Dec 10, 2004 (CIDRAP News) – The Food and Drug Administration (FDA) has put the finishing touches on record-keeping rules designed to help the agency trace the sources and travels of contaminated food, but food businesses have at least a year to comply.
The new regulations, published Dec 9 in the Federal Register, require a wide range of food-handling businesses to keep records on where they receive food from and where they send it. The rules are a result of the Public Health Security and Bioterrorism Preparedness and Response Act of 2002.
"These records will be crucial for FDA to deal effectively with food-related emergencies, such as deliberate contamination of food by terrorists," said Dr. Lester M. Crawford, acting FDA commissioner, in a Dec 6 news release. "The ability to trace back will enable us to get to the source of contamination. The records also enable FDA to trace forward to remove adulterated food that poses a significant health threat in the food supply."
Large businesses have a year to comply with the new requirements; small and very small businesses (11 to 499 employees and 10 or fewer employees) have 18 months and 2 years, respectively.
Health and Human Services (HHS) Secretary Tommy Thompson said the rule represents a "milestone" in US food security. "There is more work to do yet, but our nation is now more prepared than ever to protect the public against threats to the food supply," he said in the news release.
The FDA announcement came 3 days after Thompson, in comments Dec 3 about his plans to leave HHS, said contamination of the food supply by terrorists was one of his two biggest worries and that he was surprised that no serious incidents had happened recently.
In a Dec 7 teleconference on HHS plans to buy influenza vaccine from abroad, Thompson qualified somewhat his earlier statements. He said the number of food-import inspectors had doubled to 1,500 since 2001 and inspections had increased from 12,000 to 98,000 per year. "But I'm still concerned because we still have only about 4 to 5% of food being inspected."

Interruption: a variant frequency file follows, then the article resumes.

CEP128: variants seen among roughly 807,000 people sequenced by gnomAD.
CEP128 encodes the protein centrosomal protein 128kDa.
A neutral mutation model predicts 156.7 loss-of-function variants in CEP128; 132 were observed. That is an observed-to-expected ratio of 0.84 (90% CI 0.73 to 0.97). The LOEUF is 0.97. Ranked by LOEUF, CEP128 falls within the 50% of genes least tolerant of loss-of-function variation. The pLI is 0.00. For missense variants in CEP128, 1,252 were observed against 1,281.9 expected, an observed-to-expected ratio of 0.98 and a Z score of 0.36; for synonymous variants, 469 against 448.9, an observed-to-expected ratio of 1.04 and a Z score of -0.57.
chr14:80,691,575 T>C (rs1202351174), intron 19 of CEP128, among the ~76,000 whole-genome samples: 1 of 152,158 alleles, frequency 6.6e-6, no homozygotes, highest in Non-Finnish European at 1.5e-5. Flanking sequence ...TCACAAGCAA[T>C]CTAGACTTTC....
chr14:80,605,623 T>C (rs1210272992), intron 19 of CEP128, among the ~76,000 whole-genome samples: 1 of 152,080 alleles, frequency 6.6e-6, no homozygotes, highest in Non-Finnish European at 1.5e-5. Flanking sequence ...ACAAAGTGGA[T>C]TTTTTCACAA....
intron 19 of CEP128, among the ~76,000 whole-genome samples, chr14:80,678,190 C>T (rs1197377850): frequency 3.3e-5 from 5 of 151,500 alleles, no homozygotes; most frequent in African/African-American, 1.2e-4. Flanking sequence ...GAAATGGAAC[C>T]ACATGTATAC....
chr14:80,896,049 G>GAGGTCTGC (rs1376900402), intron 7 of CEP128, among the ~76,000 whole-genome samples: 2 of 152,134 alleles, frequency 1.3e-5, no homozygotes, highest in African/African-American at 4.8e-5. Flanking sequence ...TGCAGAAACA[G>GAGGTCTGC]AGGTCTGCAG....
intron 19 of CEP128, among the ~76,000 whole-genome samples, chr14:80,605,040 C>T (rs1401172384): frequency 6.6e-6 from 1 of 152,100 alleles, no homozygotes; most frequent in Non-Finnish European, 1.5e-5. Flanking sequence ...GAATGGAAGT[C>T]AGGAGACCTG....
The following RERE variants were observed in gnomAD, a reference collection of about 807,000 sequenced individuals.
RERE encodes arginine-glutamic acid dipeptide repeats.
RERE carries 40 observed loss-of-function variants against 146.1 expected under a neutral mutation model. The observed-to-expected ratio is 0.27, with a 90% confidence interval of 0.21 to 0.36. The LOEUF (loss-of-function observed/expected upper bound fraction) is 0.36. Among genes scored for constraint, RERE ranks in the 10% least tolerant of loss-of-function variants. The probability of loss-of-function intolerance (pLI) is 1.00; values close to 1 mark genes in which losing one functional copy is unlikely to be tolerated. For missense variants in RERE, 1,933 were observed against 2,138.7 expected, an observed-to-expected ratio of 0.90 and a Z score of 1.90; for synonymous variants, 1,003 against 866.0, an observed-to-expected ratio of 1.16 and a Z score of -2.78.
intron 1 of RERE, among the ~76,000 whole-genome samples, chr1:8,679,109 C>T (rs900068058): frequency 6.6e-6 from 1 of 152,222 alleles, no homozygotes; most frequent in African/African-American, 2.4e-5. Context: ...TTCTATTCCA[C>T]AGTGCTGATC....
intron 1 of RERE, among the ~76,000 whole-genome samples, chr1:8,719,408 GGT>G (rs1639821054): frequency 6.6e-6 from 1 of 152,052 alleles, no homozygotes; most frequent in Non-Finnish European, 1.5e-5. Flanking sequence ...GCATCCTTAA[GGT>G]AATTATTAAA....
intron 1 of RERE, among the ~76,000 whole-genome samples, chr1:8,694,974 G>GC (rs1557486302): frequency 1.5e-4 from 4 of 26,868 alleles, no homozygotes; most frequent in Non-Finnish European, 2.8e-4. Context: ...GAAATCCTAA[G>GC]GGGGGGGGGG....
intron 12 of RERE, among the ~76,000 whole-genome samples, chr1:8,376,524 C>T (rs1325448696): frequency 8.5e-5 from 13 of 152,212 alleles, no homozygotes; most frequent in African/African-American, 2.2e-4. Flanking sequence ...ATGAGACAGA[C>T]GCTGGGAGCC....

He added, "The food supply is safe. But that doesn't mean that somebody, somewhere, sometime couldn't put some kind of adulterated additives into food that could cause problems."
The record-keeping rule applies to businesses that "manufacture, process, pack, transport, distribute, receive, hold, or import" human food or animal feed, the FDA said. Firms must keep records on human food from 6 months to 2 years, depending on the shelf life of the food. Records on animal feed and pet food must be kept for a year.
Records can be kept in paper or electronic form, the FDA said. They must be available for inspection or copying within 24 hours of receipt of an FDA request. The agency has issued draft guidance on the procedures it will follow before requesting records.
The record-keeping rule is one of four food-related requirements in the 2002 bioterrorism law. The other three deal with registration of food facilities, prior notice of imported food shipments, and administrative detention of potentially contaminated food. The final regulations for those rules all were published previously.
The FDA said it would hold seven public meetings in January and February to explain the details of the record-keeping rule and answer questions. Meetings are scheduled Jan 13 in College Park, Md.; Jan 25 in Chicago and Seattle; Jan 27 in San Francisco and Orlando; and Feb 1 in Philadelphia and Boston.
Dec 6 FDA news release, with links to the final rule and draft guidance
FDA notice of public meetings